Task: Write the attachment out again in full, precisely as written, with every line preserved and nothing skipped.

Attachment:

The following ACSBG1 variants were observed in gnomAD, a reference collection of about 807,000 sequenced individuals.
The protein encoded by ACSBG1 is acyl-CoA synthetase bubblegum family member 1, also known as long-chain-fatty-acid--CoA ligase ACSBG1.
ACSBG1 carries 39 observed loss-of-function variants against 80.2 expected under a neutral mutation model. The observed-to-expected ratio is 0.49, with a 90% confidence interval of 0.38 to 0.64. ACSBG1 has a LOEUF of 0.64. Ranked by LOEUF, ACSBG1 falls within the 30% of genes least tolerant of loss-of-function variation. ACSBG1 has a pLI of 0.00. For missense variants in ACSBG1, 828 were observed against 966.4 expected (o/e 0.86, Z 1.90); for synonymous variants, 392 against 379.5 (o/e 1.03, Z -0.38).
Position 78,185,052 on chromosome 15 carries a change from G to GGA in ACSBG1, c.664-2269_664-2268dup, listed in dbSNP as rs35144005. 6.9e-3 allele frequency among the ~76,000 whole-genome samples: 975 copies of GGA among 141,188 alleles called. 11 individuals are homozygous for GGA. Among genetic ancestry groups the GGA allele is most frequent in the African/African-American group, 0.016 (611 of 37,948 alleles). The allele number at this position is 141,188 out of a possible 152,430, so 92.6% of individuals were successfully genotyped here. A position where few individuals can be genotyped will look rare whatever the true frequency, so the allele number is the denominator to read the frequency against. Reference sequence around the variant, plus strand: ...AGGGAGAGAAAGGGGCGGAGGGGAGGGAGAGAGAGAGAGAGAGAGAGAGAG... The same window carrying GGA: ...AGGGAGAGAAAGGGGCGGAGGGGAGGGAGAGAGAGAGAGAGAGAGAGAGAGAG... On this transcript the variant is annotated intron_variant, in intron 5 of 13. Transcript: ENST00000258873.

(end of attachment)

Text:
The following ACSBG1 variants were observed in gnomAD, a reference collection of about 807,000 sequenced individuals.
The protein encoded by ACSBG1 is acyl-CoA synthetase bubblegum family member 1, also known as long-chain-fatty-acid--CoA ligase ACSBG1.
ACSBG1 carries 39 observed loss-of-function variants against 80.2 expected under a neutral mutation model. The observed-to-expected ratio is 0.49, with a 90% confidence interval of 0.38 to 0.64. ACSBG1 has a LOEUF of 0.64. Ranked by LOEUF, ACSBG1 falls within the 30% of genes least tolerant of loss-of-function variation. ACSBG1 has a pLI of 0.00. For missense variants in ACSBG1, 828 were observed against 966.4 expected (o/e 0.86, Z 1.90); for synonymous variants, 392 against 379.5 (o/e 1.03, Z -0.38).
Position 78,185,052 on chromosome 15 carries a change from G to GGA in ACSBG1, c.664-2269_664-2268dup, listed in dbSNP as rs35144005. 6.9e-3 allele frequency among the ~76,000 whole-genome samples: 975 copies of GGA among 141,188 alleles called. 11 individuals are homozygous for GGA. Among genetic ancestry groups the GGA allele is most frequent in the African/African-American group, 0.016 (611 of 37,948 alleles). The allele number at this position is 141,188 out of a possible 152,430, so 92.6% of individuals were successfully genotyped here. A position where few individuals can be genotyped will look rare whatever the true frequency, so the allele number is the denominator to read the frequency against. Reference sequence around the variant, plus strand: ...AGGGAGAGAAAGGGGCGGAGGGGAGGGAGAGAGAGAGAGAGAGAGAGAGAG... The same window carrying GGA: ...AGGGAGAGAAAGGGGCGGAGGGGAGGGAGAGAGAGAGAGAGAGAGAGAGAGAG... On this transcript the variant is annotated intron_variant, in intron 5 of 13. Transcript: ENST00000258873.